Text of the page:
All-American Girl

Warning!  May Contain Spoilers
Don’t like?  Read the book first.

So this is the first of the Meg Cabot books I’ve read.  I’ve wanted to read a bunch of her books but never had a chance to get my hands on them until I saw this book sitting on the shelf in the thrift store.

The book revolves around Samantha Madison, a sophomore in high school in Washington D.C.  She’s jealous of her older sister, Lucy, who is a popular cheerleader and her younger sister, Rebecca, who is a genius.  She’s also in love with Lucy’s boyfriend Jack, who is your typical punk teenager who wants to fight authority at every turn.  This influences young Sam and she rebels against popular culture in an effort to be more like him, dyes her whole wardrobe black and idolizes Gwen Stefani.  Every one of these characters is kind of a stereotype.  They have their vaguely human moments, but all in all, they really do try to play to the image you think of when you think of cheerleader or genius or whatever.

The book is told from Samantha’s point of view, so that colors how you see the characters as well.  The plot is that, while skipping her after-school art class one day, she thwarts an assassination attempt on the president by jumping on the back of the would-be assassin.  There’s a bit more set-up than needed of the characters and how we get to this situation, but it’s an amusing story and her humor colors much of it.  I really did find myself actually laughing out loud at some parts of the book and wanting to read them out to my best friend.  But I am not the target age for this book.  In fact, at the age of 25, I’m a bit older and seeing the book from Samatha’s 16-year-old point of view got on my nerves sometimes.  Mostly because the author worked very hard at making this girl as much of a 16-year-old as possible.  I just can’t stand people that immature anymore.  She’s obviously very relatable to anyone in that age group, but definitely not to me.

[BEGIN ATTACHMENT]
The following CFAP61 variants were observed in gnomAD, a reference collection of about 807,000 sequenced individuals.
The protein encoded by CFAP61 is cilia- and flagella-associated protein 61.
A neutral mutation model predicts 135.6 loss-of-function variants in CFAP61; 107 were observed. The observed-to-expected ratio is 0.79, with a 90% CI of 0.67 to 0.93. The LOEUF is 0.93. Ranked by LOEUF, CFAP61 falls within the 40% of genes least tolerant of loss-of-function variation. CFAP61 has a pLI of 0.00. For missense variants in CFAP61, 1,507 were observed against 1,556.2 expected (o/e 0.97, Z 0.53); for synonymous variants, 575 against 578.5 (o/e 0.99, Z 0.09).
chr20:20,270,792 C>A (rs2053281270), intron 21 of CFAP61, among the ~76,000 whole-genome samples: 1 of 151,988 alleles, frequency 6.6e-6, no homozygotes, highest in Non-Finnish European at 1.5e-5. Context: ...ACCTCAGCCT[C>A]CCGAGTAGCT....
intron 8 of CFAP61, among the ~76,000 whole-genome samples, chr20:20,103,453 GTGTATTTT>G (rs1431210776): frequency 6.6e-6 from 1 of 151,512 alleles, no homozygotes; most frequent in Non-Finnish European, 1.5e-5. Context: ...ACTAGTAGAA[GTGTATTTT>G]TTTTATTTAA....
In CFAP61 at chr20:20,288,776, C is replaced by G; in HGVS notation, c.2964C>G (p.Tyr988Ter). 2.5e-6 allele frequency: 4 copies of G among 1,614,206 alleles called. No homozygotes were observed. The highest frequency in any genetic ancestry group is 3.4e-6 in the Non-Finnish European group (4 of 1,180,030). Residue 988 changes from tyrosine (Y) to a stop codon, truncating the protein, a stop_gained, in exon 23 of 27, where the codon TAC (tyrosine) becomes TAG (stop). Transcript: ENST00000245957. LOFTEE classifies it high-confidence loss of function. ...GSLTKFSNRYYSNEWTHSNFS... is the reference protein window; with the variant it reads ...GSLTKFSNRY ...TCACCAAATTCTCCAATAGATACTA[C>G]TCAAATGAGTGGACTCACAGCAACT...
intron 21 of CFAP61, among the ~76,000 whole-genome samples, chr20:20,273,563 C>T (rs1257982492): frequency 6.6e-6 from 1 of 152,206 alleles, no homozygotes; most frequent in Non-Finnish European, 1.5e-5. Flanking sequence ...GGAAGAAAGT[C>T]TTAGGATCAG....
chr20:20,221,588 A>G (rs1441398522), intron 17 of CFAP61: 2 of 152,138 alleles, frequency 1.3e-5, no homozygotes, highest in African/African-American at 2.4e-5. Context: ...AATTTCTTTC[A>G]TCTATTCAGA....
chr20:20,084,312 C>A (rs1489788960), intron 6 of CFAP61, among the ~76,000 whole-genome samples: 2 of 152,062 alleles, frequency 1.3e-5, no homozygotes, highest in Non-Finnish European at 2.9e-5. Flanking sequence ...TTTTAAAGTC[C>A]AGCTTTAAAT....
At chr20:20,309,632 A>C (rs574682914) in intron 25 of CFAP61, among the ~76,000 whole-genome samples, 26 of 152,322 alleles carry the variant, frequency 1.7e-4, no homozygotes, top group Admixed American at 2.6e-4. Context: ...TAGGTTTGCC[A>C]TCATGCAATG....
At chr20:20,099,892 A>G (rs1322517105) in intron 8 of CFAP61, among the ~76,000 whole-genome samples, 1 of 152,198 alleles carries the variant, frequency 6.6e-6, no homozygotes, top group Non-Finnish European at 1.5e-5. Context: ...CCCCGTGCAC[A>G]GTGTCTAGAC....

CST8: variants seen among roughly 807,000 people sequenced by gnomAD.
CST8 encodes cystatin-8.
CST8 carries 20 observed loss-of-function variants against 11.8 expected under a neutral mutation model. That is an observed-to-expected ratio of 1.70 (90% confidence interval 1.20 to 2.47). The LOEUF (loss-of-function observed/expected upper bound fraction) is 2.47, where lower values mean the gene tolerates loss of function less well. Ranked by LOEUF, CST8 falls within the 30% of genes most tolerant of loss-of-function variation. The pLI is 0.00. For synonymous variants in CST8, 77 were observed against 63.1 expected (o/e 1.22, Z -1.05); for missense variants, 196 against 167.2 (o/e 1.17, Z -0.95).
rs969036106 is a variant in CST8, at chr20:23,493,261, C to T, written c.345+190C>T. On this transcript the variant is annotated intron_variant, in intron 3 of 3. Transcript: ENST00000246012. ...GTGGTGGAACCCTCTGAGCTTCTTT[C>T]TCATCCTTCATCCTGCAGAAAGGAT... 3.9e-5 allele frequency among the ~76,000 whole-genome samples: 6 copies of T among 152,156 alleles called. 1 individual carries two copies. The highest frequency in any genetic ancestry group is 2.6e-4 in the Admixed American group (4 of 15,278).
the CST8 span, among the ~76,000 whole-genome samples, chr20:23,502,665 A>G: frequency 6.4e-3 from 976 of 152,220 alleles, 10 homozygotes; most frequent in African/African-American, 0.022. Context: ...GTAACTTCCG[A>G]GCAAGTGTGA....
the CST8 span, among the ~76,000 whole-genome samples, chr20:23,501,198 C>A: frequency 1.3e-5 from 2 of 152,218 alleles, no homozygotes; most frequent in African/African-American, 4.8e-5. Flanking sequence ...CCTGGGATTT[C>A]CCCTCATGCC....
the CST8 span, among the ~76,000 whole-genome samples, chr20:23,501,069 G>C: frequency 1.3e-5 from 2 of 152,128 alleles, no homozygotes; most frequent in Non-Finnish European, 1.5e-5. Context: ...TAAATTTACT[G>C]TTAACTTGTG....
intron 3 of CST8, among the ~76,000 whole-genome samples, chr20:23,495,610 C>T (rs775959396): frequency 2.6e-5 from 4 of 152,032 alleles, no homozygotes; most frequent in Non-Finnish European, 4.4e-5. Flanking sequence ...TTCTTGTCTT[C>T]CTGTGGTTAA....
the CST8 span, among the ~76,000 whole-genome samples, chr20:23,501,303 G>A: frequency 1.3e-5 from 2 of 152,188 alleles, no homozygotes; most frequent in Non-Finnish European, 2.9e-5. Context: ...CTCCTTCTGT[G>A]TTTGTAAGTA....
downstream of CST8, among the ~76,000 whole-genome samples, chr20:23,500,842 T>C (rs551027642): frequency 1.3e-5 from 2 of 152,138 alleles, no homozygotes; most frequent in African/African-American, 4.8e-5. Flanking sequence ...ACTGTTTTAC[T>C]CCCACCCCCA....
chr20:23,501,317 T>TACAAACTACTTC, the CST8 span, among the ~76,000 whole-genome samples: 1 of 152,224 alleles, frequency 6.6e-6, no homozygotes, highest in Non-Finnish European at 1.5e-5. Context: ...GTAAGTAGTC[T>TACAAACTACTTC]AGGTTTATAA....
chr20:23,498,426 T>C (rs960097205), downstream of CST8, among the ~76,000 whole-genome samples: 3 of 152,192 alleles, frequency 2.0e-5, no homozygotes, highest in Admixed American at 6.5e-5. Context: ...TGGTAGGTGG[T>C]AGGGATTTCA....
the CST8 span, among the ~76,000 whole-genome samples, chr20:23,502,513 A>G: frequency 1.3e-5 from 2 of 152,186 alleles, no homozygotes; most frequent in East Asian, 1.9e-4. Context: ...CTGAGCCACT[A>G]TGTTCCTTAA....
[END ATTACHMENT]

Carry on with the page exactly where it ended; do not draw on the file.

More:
And the assassination attempt and Samantha’s subsequent fame are pretty much just used as the catalyst for the romance.  See, the “hot guy” in Samantha’s art class just happens to be the President’s son.  So now she and him get to get closer and she gets to be a bit more popular without really having to change herself at all!  It’s a little hard to believe.  They throw in difficulties here and there but they’re not really that difficult (with one exception that was kinda cool) and there’s just way too much focus on the romance for me.  Especially with the “she doesn’t get that she’s in love but everyone else does” bit that doesn’t get resolved until like the end of the book.

Final Thoughts:  The book is great for its target audience, but unlike some young adult books that transcend age, if you’re not a teenager then you’re gonna find yourself fed up with this book quite quickly.  It is humorous though, so if you just need mind candy, then it might not be too bad.  3-3.5 stars for mediocrity.  I could be persuaded to pick up the sequel but…meh.

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3 thoughts on “All-American Girl

  1. I adored this when I was around the target age. I remember being really surprised at the actual laughing out loud, which happens so rarely with books. I probably wouldn’t go back and read it again for fear that it will annoy me. I read The Princess Diaries when I was obviously too old!

    I love your pen name 🙂 I was Poppy Pancake in my Creative Writing class last year, I might bring it back!
    Also, I guess you have seen the movie ‘Stranger than Fiction?’ I absolutely love it!

    1. I still wanna read The Princess Diaries.

      That’s a good name! I’ve been Lady Ruby since I was about 14, when it started out as a bad fanfiction character and ended up being an all-fandom encompassing pen name. It just sorta stuck after that.

      I haven’t seen the movie yet actually. *sweatdrop* I named my blog this because I thought of the adage “real life is usually stranger than fiction.”

  2. i’m 21 and i read it at 18, but since i’m immature myself, i liked it. but samantha is annoying and the whole never realizing she loves david, is kind of weird. it makes her seem really clueless/naive. i dont think i’ve ever seen that never realizing i love someone in real life happen, but it’s like a common “love trope” in fiction. lol

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